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Nonprofit to double service with new property

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Milagro House, a Lancaster nonprofit that offers mothers a place to stay with their families while they get an education, plans to move from its 669 West Chestnut St., Lancaster, property, in the next two years.
Milagro House, a Lancaster nonprofit that offers mothers a place to stay with their families while they get an education, plans to move from its 669 West Chestnut St., Lancaster, property, in the next two years.

Lancaster nonprofit Milagro House purchased a new building in September with plans to double the number of families living and getting an education on its property.

Milagro House has operated out of its current property for 14 years, housing Lancaster mothers in need and their families while they work toward an education.

Milagro’s executive director, Christina Duncan, feels that the current program is working as intended, but said the focus of the new home is to help more families.

"Our phone is ringing off the hook and we have a waiting list and it is really hard to tell a woman who is ready to move her family forward that we can’t accommodate her," Duncan said. "We just need to increase capacity."

Milagro House has operated in Lancaster for 20 years, offering impoverished and homeless mothers the chance to get a GED or a post-secondary education without having to worry about where they and their children are living.

"Children who live in poverty have a less likely chance to succeed. If we can get a mother to be sustainable, so can her children," Duncan said.

The nonprofit currently houses nine women and 14 children at its location at 669 W. Chestnut St. The communal home has an education space, where participants in the program can study after taking classes at Milagro’s school, which us rented out of St. Peter’s Lutheran Church.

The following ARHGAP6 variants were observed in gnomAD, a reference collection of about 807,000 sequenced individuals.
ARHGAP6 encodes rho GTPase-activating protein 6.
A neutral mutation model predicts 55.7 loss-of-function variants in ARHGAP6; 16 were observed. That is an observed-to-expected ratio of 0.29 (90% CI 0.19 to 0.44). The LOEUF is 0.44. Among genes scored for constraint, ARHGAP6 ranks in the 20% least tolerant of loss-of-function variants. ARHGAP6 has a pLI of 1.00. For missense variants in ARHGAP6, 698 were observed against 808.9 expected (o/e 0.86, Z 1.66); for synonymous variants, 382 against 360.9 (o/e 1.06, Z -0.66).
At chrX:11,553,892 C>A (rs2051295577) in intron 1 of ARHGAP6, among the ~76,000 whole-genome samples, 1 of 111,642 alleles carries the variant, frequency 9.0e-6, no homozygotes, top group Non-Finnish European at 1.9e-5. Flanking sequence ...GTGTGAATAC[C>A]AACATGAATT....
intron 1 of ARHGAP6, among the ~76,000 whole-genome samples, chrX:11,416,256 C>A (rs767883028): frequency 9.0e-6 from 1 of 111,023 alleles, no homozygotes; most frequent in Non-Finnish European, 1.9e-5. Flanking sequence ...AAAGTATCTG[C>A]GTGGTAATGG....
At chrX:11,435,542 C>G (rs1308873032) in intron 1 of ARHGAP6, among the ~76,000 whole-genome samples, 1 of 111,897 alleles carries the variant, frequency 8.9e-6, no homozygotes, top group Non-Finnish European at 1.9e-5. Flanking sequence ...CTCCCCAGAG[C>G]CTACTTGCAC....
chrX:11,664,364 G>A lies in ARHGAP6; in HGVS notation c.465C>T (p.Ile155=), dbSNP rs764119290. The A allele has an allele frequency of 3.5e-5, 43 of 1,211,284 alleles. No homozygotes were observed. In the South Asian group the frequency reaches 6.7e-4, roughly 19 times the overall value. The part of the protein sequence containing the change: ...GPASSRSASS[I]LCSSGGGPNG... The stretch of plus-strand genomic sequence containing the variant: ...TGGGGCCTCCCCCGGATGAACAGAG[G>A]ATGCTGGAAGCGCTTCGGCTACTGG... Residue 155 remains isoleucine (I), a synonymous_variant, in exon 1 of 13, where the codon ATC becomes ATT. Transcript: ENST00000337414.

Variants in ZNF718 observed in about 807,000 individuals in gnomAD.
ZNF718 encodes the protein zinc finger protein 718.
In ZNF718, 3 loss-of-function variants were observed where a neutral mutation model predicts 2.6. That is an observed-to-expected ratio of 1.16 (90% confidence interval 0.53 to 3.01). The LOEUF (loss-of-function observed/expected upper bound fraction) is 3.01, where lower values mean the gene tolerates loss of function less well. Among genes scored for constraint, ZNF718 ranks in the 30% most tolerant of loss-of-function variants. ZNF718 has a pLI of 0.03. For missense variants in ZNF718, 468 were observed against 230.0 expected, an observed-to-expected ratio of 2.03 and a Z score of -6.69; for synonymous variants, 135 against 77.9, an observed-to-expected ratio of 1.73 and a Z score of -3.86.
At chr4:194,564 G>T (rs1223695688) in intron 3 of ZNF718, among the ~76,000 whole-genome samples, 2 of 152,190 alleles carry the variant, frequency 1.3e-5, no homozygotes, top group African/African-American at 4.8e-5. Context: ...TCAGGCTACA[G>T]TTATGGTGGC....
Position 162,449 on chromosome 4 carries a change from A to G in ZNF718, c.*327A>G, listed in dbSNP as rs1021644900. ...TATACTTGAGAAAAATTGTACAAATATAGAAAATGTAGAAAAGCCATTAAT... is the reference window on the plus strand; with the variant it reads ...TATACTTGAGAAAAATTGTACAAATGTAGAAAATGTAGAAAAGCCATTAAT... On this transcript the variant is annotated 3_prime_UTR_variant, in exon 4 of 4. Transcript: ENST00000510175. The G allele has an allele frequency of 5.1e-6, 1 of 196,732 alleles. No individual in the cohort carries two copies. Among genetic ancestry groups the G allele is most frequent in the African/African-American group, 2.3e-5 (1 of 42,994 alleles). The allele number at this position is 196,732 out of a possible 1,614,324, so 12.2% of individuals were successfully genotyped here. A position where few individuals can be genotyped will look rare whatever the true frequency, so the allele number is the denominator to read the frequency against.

The new property, at 132 and 134 South Prince St., Lancaster, is about 10,000 square feet and could hold twice as many families, according to Duncan. Milagro will be starting a capital campaign in 2019 to fund renovations, which are planned to be finished in two to three years. 

The nonprofit has not yet announced the cost of the new building, which Duncan said is slated to be announced at a later date.

Milagro sold a number of homes it had been using on South Christian Street to Habitat for Humanity in December 2017. Duncan said the other properties pulled the nonprofit in too many directions.

"Being under one roof gives us a more cohesive program," she said. "This allows us to develop some really wonderful collaborations in the Lancaster area."

As Milagro begins to pull together a capital campaign, Duncan said that it will be looking into how the organization can serve Lancaster more creatively. She said it’s possible that in the coming years Milagro will have a non-residential component, which could be facilitated by partnerships with other nonprofits.

Beyond the education portion of the program, Milagro also holds supporting programming like financial education and child care, which it will look into expanding with the new building.

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Ioannis Pashakis

Ioannis Pashakis

Ioannis Pashakis covers health care and Lancaster County. Email him at ipashakis@cpbj.com.

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